The board argued that the immunity provision in the Energy Resources Conservation Act bars both negligence and charter claims. A case management judge with the Alberta Court of Queen’s Bench agreed. This ruling was upheld on appeal in 2014.
Ernst was unsuccessful in her appeal to the Supreme Court of Canada.
Justice Abella ruled against Ernst but issued a separate concurring decision.
“Immunity clauses protecting judicial and quasi-judicial bodies” are found in several statutes across Canada, Justice Abella noted. For example, in Alberta, the Provincial Court Act gives immunity to mediators while in B.C., the Labour Relations Code provides “immunity for mediators and the industrial inquiry commission.”
Giving adjudicators immunity “from personal damages claims is grounded in attempts to protect their independence and impartiality, and to facilitate the proper and efficient administration of justice,” Justice Abella wrote.
Case history includes a 2010 ruling by the Supreme Court of Canada in favour of Alan Ward, who had been arrested in 2002, by Vancouver city police, for breach of the peace. The police suspected at the time that Ward was intending to throw a pie at Jean Chretien, then Canada’s prime minister, who was at a ceremony marking the opening of a gate to Chinatown.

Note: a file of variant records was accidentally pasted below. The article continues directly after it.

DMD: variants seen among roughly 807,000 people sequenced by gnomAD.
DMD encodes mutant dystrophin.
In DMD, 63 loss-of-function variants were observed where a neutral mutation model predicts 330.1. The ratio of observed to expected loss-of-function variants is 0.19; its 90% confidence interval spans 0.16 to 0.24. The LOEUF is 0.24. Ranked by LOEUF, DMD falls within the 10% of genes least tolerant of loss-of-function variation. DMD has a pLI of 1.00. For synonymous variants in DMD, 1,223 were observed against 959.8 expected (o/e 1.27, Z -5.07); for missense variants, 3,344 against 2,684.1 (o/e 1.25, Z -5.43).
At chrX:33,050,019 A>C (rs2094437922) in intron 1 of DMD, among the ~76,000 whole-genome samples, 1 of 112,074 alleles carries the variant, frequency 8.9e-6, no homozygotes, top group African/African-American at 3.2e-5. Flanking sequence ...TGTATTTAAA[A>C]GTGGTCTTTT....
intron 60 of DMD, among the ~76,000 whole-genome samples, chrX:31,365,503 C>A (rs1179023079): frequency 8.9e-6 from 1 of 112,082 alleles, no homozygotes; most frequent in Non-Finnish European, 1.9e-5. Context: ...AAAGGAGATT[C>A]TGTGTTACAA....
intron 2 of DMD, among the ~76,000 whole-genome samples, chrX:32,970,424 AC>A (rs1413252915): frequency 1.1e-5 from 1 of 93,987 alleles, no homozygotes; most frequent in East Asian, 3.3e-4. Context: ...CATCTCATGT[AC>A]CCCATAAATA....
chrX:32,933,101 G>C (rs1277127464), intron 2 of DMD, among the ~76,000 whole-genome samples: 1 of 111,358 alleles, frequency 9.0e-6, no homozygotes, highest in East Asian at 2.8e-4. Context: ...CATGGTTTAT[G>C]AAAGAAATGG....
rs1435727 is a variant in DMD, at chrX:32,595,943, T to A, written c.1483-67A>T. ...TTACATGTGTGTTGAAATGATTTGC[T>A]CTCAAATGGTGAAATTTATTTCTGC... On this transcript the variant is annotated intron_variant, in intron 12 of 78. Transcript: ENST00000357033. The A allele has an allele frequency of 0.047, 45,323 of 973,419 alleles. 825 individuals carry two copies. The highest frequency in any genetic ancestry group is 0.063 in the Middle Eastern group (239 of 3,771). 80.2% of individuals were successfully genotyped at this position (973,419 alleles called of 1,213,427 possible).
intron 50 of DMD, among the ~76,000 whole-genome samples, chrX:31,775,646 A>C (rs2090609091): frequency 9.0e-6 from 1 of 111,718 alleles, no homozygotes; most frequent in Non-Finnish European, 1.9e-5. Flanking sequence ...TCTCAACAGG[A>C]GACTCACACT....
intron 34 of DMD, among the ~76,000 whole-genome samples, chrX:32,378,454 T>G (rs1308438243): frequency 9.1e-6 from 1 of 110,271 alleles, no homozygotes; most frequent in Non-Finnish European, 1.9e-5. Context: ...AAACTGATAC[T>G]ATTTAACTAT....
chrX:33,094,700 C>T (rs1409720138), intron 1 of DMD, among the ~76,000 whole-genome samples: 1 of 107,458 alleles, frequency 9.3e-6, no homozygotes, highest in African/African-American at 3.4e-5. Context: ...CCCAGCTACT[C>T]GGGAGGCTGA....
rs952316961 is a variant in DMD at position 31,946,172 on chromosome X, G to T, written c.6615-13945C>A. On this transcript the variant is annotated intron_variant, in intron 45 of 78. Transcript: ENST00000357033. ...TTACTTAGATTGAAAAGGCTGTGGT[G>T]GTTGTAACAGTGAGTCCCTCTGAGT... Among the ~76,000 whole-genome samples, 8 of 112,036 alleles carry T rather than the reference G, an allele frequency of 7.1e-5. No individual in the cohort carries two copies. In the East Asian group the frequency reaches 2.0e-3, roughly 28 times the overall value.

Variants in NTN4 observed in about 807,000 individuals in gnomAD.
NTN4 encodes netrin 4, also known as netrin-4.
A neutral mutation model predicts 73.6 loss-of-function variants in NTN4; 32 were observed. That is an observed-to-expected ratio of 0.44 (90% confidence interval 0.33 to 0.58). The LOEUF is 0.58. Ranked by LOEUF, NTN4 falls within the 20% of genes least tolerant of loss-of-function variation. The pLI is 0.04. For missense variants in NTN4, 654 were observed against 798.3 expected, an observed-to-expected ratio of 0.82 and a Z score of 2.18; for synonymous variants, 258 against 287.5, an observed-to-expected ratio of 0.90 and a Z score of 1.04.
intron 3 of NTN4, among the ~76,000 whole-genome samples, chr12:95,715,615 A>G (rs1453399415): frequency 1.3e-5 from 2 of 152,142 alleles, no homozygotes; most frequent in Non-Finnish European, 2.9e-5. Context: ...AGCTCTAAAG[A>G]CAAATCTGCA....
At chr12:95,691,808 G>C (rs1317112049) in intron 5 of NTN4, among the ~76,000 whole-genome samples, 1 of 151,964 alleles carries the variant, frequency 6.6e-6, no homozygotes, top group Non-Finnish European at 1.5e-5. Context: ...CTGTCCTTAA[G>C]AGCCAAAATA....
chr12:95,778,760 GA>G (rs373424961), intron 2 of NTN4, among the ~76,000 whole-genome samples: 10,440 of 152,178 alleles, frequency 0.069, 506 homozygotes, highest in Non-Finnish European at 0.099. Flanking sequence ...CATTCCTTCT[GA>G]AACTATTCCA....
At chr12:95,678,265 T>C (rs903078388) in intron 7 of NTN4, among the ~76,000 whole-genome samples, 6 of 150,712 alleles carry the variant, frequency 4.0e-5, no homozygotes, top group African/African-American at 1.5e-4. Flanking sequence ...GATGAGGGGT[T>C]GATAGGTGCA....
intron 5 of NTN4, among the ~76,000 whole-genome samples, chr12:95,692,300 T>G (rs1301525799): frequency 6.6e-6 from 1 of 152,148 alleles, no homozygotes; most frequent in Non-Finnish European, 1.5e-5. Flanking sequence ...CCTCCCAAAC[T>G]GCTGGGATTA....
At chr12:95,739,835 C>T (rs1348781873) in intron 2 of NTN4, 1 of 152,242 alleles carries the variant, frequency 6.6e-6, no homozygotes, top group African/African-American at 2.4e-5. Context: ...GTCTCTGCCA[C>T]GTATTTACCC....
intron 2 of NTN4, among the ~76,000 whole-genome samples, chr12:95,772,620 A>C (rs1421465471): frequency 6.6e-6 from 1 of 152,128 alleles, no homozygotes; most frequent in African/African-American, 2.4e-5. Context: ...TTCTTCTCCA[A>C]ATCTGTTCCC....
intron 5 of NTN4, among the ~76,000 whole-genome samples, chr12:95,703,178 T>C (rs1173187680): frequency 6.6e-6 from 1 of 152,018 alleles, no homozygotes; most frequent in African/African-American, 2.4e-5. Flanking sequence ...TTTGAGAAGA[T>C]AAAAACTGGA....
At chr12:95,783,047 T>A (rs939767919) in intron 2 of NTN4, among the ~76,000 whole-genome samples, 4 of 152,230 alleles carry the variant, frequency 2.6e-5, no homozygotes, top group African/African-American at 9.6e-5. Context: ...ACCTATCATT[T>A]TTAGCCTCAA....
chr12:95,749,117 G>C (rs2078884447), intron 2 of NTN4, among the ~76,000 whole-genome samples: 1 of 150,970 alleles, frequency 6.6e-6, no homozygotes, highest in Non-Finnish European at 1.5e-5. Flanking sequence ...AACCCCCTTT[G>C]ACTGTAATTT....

In the police lockup, corrections officers instructed Ward to remove his clothes in preparation for a strip search.
Ward filed a lawsuit against the city, the province and individual police and corrections officers. A judge found that the provincial corrections officers’ strip search and the city’s vehicle seizure violated Ward’s right to be free from unreasonable search and seizure. That ruling was upheld by the Supreme Court of Canada.
“Ward held that Charter damages will not be an appropriate and just remedy where there is an effective alternative remedy or where damages would be contrary to the demands of good governance,” Mr. Justice Thomas Cromwell wrote, in Ernst, on behalf of himself, Madam Justice Andromache Karakatsanis, Mr. Justice Richard Wagner and Mr. Justice Clément Gascon. “These considerations, taken together, support the conclusion that the proper balance would be struck by holding that damages are not an appropriate remedy.”
They added that the board “had the public duty of balancing several potentially competing rights, interests and objectives.”
So allowing claimants to bring claims for damages could “result in defensive actions by the Board, which would ‘chill’ its ability to otherwise carry out its statutory duties effectively and in the public interest.”
Justice Abella cited the 2015 Supreme Court of Canada ruling in favour of Ivan Henry, who spent 27 years in jail after being convicted in 1983 of 10 sexual offences. Those convictions were quashed in 2010. Henry filed a lawsuit. One of the defendants was the Attorney General of British Columbia. Henry alleged the province failed to follow its disclosure requirements.